Thursday, October 06, 2005

Is There Balm in Gilead?

Holden directs me to this, and it is this assertion that catches my legal eye:

Dr. Marinos Diamantides, senior lecturer of law at the University of London, said the entire drafting process could be illegal under international law.

"One could argue the entire process is against the law," Diamantides told IPS. "According to the 1907 Convention for the pacific settlement of disputes, the occupying power has a duty to maintain the legal system of the country it occupies. This is the first time ever that an occupying power has dismantled the internal law system of the country it occupies."

He also pointed out that, ironically, the Sunnis now have the power to derail the upcoming referendum by a two-thirds vote in three provinces. That power was originally intended to give the Kurds the power to veto the constitution.
In keeping with my critique of the American press earlier, is it coincidence that this kind of legal analysis is available in the European press, but is never mentioned in the American press? The American public is told only the Administration line: that a constitution will be the balm from Gilead that will finally heal our nation's self-inflicted wound.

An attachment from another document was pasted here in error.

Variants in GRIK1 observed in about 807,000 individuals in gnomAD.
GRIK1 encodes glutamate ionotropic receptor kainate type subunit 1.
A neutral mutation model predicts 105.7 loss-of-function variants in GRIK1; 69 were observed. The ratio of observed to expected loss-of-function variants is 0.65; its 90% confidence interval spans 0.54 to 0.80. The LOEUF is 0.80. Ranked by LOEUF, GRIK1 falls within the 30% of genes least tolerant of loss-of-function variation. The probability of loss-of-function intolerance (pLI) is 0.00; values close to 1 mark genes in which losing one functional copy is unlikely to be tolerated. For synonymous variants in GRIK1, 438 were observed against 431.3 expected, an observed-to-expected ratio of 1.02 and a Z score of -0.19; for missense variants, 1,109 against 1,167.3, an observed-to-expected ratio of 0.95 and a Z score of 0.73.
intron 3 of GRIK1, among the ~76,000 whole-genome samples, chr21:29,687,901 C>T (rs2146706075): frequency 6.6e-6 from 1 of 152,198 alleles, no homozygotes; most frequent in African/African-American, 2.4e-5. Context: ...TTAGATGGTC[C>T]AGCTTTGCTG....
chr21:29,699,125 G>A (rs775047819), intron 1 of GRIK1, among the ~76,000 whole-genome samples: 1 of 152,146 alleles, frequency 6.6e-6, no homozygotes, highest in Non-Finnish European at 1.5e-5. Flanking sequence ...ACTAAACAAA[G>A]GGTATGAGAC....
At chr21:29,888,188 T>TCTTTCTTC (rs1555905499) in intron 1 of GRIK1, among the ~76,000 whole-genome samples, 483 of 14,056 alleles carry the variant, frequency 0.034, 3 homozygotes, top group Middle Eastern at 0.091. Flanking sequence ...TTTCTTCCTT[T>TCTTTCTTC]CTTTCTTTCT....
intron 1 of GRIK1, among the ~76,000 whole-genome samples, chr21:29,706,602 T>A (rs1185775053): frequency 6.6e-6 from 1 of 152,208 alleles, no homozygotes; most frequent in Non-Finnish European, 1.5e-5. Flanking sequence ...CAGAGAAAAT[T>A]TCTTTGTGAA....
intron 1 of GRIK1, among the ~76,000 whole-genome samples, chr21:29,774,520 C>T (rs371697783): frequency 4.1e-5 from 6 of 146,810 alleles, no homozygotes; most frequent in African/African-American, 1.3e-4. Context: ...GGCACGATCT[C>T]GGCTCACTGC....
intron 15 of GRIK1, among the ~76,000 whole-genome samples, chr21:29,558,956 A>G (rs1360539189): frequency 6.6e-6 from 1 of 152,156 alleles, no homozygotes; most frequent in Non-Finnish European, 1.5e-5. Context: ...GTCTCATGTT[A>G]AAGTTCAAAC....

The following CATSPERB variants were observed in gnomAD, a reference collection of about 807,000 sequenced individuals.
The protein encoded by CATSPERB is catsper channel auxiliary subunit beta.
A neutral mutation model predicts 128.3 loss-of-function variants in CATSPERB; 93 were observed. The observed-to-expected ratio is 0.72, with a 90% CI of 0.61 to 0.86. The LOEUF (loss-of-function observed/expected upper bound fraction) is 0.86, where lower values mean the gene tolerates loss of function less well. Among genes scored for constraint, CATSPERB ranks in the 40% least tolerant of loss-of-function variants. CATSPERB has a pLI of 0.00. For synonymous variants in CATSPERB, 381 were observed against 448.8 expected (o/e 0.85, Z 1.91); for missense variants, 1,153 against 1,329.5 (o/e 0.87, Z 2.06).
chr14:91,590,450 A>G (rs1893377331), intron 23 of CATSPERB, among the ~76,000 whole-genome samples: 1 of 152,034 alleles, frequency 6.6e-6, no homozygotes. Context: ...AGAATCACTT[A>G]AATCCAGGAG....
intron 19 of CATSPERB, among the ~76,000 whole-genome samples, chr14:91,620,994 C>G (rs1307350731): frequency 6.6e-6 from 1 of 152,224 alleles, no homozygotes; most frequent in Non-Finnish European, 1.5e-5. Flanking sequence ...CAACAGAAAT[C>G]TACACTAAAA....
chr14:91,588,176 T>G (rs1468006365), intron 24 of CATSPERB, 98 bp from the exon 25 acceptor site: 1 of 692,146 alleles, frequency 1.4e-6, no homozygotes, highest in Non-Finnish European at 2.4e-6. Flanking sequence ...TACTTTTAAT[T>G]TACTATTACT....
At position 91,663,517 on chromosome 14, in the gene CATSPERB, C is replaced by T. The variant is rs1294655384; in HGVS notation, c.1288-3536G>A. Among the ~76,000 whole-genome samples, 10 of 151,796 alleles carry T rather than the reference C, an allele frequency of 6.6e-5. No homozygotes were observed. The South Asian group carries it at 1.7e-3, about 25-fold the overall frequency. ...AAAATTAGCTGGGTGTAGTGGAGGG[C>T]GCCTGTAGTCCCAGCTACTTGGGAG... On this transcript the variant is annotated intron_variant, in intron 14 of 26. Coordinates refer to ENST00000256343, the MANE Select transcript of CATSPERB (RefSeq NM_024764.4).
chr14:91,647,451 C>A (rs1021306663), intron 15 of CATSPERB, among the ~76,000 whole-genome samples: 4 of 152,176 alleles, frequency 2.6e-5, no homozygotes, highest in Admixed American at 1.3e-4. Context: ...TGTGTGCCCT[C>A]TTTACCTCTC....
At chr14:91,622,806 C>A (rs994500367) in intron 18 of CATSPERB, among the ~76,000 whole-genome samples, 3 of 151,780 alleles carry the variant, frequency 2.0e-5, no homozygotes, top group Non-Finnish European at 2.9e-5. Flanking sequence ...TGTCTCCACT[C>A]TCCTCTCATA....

It is, of course, nothing of the sort. And this simple statement of historical fact, tells me more than all the tiresome, and obfuscating, "analysis" that I have heard in American media, or read, for that matter, on blogs.

Is there still hope for the Iraqi constitution? Not really.

Justin Alexander ["legal affairs officer for the office of constitutional support with the United Nations Assistance Mission to Iraq" and the person "who oversaw the recent proceedings in Baghdad"]said Iraq might need a new constitution. "If Iraq creates a progressive and effective constitution and laws to implement the constitution, then this could benefit Iraqis. But in the absence of mutual reconciliation and an end to the occupation, this is all futile."

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